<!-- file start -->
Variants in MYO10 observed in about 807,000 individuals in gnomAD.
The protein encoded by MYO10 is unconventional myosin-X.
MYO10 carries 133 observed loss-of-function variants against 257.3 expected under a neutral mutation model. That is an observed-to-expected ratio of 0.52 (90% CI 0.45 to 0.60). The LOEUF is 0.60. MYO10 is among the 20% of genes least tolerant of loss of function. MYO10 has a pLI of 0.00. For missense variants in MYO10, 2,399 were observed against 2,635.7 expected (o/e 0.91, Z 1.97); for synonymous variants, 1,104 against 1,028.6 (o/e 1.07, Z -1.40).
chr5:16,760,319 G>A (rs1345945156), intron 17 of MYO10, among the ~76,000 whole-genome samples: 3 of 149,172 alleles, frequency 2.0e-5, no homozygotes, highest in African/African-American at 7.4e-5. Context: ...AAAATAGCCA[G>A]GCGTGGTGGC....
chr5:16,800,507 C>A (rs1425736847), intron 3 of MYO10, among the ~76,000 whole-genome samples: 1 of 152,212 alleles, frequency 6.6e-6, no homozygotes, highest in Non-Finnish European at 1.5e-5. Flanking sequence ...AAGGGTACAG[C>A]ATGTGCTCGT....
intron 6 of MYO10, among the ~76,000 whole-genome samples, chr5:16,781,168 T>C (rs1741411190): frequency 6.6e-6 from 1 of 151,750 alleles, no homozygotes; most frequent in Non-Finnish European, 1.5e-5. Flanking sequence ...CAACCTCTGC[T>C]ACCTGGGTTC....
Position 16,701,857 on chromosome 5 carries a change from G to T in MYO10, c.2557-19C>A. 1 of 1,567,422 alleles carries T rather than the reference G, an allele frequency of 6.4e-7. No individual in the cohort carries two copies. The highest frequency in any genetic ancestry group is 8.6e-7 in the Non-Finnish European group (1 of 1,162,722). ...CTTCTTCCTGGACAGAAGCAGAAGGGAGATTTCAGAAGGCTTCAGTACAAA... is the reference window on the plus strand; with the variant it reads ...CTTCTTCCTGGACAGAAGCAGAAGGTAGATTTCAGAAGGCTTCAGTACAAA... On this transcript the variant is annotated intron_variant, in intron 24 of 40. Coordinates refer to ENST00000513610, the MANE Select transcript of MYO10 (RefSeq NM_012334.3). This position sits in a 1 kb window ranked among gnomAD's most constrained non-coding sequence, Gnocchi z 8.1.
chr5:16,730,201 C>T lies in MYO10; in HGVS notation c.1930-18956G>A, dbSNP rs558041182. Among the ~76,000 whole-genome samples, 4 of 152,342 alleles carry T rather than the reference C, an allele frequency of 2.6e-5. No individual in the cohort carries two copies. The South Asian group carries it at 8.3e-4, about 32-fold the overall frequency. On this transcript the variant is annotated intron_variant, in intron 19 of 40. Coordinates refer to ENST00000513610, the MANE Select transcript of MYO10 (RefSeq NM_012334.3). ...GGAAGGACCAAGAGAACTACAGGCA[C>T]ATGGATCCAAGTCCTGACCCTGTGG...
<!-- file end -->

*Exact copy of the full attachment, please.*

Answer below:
Variants in MYO10 observed in about 807,000 individuals in gnomAD.
The protein encoded by MYO10 is unconventional myosin-X.
MYO10 carries 133 observed loss-of-function variants against 257.3 expected under a neutral mutation model. That is an observed-to-expected ratio of 0.52 (90% CI 0.45 to 0.60). The LOEUF is 0.60. MYO10 is among the 20% of genes least tolerant of loss of function. MYO10 has a pLI of 0.00. For missense variants in MYO10, 2,399 were observed against 2,635.7 expected (o/e 0.91, Z 1.97); for synonymous variants, 1,104 against 1,028.6 (o/e 1.07, Z -1.40).
chr5:16,760,319 G>A (rs1345945156), intron 17 of MYO10, among the ~76,000 whole-genome samples: 3 of 149,172 alleles, frequency 2.0e-5, no homozygotes, highest in African/African-American at 7.4e-5. Context: ...AAAATAGCCA[G>A]GCGTGGTGGC....
chr5:16,800,507 C>A (rs1425736847), intron 3 of MYO10, among the ~76,000 whole-genome samples: 1 of 152,212 alleles, frequency 6.6e-6, no homozygotes, highest in Non-Finnish European at 1.5e-5. Flanking sequence ...AAGGGTACAG[C>A]ATGTGCTCGT....
intron 6 of MYO10, among the ~76,000 whole-genome samples, chr5:16,781,168 T>C (rs1741411190): frequency 6.6e-6 from 1 of 151,750 alleles, no homozygotes; most frequent in Non-Finnish European, 1.5e-5. Flanking sequence ...CAACCTCTGC[T>C]ACCTGGGTTC....
Position 16,701,857 on chromosome 5 carries a change from G to T in MYO10, c.2557-19C>A. 1 of 1,567,422 alleles carries T rather than the reference G, an allele frequency of 6.4e-7. No individual in the cohort carries two copies. The highest frequency in any genetic ancestry group is 8.6e-7 in the Non-Finnish European group (1 of 1,162,722). ...CTTCTTCCTGGACAGAAGCAGAAGGGAGATTTCAGAAGGCTTCAGTACAAA... is the reference window on the plus strand; with the variant it reads ...CTTCTTCCTGGACAGAAGCAGAAGGTAGATTTCAGAAGGCTTCAGTACAAA... On this transcript the variant is annotated intron_variant, in intron 24 of 40. Coordinates refer to ENST00000513610, the MANE Select transcript of MYO10 (RefSeq NM_012334.3). This position sits in a 1 kb window ranked among gnomAD's most constrained non-coding sequence, Gnocchi z 8.1.
chr5:16,730,201 C>T lies in MYO10; in HGVS notation c.1930-18956G>A, dbSNP rs558041182. Among the ~76,000 whole-genome samples, 4 of 152,342 alleles carry T rather than the reference C, an allele frequency of 2.6e-5. No individual in the cohort carries two copies. The South Asian group carries it at 8.3e-4, about 32-fold the overall frequency. On this transcript the variant is annotated intron_variant, in intron 19 of 40. Coordinates refer to ENST00000513610, the MANE Select transcript of MYO10 (RefSeq NM_012334.3). ...GGAAGGACCAAGAGAACTACAGGCA[C>T]ATGGATCCAAGTCCTGACCCTGTGG...